It can be complicated to get the schedules of 6 different people to line up properly, so this year it turned out to be mid-September before we were able to head out on the trail.
But line up the schedules did, and so off we went!
The Ansel Adams Wilderness is a large region of the Sierra Nevada, sharing a boundary with Yosemite National Park on its north, a second boundary with the Devil's Postpile National Monument on its east, and still another boundary with the John Muir Wilderness on its south and east. The Ansel Adams Wilderness is also fascinating to backpackers because it has significant trailhead access on both the east and west sides of the Sierra Nevada.
I often refer to this part of the world as "the Heart of the Sierra", as it's full of 12,000+ foot mountains, glacier-carved valleys, pristine mountain lakes, majestic canyons with rushing waterfalls and roaring rivers: just the ticket for a perfect vacation hike!
The Ansel Adams Wilderness was originally called the Minarets Wilderness, after the sawtooth formations on the Ritter Range, which maybe you can (barely) see in this picture.
To get to the Fernandez Trailhead on the west side of the Ansel Adams Wilderness from the Bay Area, you've got a journey that breaks down into two parts.
- First, you zoom along on 200 miles of high speed roads from San Francisco to Oakhurst; this takes you about 3 hours.
- Then, you drive up past Bass Lake until you find Beasore Road, also known as the Sierra Vista Scenic Byway. (Who knew there were 50+ such National Scenic Byways in California?) This 30 miles of road will take you from elevation 2,000 feet up to elevation 7,500 feet, and will also take you about 2 hours. It's good to slow down and enjoy the road, but you should also take this into account in your planning!
In what might be a first for me, the driving directions in my 2016 printing of Sierra South were incorrect, and we ended up driving to the Norris Trailhead first, then realizing that we were at the wrong trailhead, then retracing our steps back to Beasore Road, then proceeding about 100 yards further down the road, then we found the road to the Fernandez Trailhead. I think that, perhaps, the road to the Norris Trailhead has changed since the book was written, and I just wasn't paying quite enough attention to the (faded) Forest Service road signs. It was but a momentary diversion, though.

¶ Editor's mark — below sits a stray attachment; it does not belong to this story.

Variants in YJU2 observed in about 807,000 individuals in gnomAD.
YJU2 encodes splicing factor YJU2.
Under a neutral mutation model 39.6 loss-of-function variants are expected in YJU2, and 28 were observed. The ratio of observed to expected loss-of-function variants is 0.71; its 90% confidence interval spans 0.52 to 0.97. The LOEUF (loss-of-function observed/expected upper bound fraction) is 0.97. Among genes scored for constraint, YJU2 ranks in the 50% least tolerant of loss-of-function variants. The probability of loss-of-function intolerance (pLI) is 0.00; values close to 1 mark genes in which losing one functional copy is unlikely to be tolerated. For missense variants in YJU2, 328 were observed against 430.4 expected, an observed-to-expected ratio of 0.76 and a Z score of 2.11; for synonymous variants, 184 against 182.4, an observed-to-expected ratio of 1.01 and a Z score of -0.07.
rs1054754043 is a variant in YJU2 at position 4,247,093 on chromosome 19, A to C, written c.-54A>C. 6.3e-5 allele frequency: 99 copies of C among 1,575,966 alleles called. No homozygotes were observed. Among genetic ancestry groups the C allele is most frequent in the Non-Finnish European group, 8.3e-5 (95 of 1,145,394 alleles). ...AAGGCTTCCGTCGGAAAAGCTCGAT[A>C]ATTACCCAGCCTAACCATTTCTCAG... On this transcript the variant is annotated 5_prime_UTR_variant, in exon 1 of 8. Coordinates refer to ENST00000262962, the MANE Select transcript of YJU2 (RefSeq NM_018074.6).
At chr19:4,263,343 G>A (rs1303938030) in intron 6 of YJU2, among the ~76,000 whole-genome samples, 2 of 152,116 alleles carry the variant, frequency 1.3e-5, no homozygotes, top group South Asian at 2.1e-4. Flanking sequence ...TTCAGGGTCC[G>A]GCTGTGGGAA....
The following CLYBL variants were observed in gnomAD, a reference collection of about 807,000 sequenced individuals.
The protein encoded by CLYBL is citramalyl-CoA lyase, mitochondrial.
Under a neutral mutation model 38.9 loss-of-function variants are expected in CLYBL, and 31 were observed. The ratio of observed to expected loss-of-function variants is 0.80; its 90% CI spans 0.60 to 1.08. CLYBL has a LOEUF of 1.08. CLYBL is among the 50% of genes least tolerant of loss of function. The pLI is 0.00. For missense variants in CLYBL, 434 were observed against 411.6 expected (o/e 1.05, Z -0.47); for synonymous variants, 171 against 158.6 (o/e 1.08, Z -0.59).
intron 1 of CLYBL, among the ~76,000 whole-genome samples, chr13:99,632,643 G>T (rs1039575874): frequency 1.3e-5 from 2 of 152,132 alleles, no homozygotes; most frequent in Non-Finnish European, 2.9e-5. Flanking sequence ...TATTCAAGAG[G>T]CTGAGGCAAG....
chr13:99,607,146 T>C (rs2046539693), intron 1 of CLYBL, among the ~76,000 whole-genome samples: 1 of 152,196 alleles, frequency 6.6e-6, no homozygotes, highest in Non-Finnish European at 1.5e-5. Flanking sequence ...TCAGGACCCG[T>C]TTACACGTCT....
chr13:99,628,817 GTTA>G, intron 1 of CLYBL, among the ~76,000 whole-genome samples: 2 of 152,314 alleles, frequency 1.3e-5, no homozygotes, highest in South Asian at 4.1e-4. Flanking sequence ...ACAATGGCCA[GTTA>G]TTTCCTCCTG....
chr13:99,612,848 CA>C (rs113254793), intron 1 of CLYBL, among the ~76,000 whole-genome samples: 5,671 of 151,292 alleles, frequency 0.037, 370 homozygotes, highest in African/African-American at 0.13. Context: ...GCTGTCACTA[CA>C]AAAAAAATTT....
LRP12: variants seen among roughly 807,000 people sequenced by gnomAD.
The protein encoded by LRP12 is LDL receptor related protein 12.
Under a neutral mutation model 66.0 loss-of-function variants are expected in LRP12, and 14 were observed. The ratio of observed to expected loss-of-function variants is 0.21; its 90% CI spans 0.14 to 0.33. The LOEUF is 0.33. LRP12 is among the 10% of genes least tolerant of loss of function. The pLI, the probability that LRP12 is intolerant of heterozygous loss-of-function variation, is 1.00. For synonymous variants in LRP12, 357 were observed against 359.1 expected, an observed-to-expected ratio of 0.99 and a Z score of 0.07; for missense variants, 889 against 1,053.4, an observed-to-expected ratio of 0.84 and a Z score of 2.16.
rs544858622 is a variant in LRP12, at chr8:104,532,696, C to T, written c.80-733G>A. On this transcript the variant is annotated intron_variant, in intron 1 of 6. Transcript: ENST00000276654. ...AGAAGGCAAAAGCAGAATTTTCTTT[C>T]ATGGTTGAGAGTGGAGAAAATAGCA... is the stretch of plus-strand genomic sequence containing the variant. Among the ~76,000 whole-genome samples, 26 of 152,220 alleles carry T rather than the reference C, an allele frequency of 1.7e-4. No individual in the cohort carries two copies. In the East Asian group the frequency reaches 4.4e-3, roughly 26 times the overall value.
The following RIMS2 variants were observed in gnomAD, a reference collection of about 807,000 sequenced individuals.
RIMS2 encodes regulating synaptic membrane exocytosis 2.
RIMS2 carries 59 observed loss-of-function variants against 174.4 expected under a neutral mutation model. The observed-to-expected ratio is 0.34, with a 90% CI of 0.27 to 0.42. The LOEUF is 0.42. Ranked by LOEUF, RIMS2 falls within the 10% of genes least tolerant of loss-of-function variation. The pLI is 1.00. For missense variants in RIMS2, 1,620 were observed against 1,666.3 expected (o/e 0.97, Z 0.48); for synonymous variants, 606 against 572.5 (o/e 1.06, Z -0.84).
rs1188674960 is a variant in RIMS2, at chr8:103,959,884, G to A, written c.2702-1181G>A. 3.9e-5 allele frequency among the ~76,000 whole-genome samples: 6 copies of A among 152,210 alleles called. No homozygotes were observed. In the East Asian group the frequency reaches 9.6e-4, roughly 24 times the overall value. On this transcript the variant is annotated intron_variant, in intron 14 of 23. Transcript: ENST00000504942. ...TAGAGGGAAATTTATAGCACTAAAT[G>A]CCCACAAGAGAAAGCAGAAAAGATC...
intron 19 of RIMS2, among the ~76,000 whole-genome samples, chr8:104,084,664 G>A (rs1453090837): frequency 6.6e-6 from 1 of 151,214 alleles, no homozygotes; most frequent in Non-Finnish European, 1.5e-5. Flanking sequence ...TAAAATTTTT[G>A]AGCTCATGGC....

To its credit, my Tom Harrison map of the Ansel Adams Wilderness showed the road clearly (I just didn't look at that part of the map closely until I'd already made the mistake, duh!)
Our hike from Fernandez Trailhead up to Vandeburg Lake was a straightforward climb of about 1200 vertical feet over about 4.5 miles of trail. Fatiguing, especially at 8,000 feet of elevation, but the trail was well-maintained and well-marked.
We had originally been intending to make it all the way to Lady Lake, but by the time we arrived at Vandeburg Lake it was already 4 PM, and there was a lovely existing campsite that matched our group size perfectly, so we declared victory.
We visited Lady Lake the next day, as well as visiting the Staniford lakes which were quite delightful.
One of the advantages of going backpacking after Labor Day is that the Sierra summer backpacking season is over, and so you (mostly) have the trails and campsites to yourself.
Another of the advantages of going backpacking at the end of the summer is that it is the driest part of the year, so the trails are clear and dry (if a bit dusty), the water crossings are generally not intimidating, and, to a first approximation, there are no mosquitoes!
Unfortunately, one of the downsides of it being the driest part of the year is that most of the mountain wildflowers had already disappeared for the year.
More importantly, another of the disadvantages of going backpacking in mid-September is that summer is almost over, and it is starting to get COLD! During our trip, the high temperatures were only in the mid-60's and low-70's, and the overnight lows were down in the low 30's.
There were even some snow fields within distance of the lake, so we had a snowball fight and I built a snowman.
I was glad that I had my nice new sleeping bag, rated for 15 degrees and true to its word.
Yet another disadvantage, which rather took us by surprise, is that late summer, particularly after a long wet winter, is apparently peak season for yellow jackets and other types of wasps. Each day, in the early afternoon, we found ourselves being annoyed and chased about by small swarms of these aggressive and very annoying insects. One of our party was stung twice, including once on his tongue (!), and had to have our "wilderness nurse" remove the stinger with a trusty pair of tweezers.
The UC Davis website has a lot of useful background information about these wasps,
But these are just the ups and downs of backpacking trips, I guess, and for the most part our trip was lovely.
The lakes were lovely.
The views were astounding.
Our intrepid fisherman, Rich, caught a fish! It was, I think, a rainbow trout? I don't know much about fish identification but maybe this was a Kern River Rainbow Trout? It certainly seemed much more like a Rainbow Trout than a Brown Trout, even though I think Brown Trout is typically what you find in these parts?
All in all, it was a wonderful trip.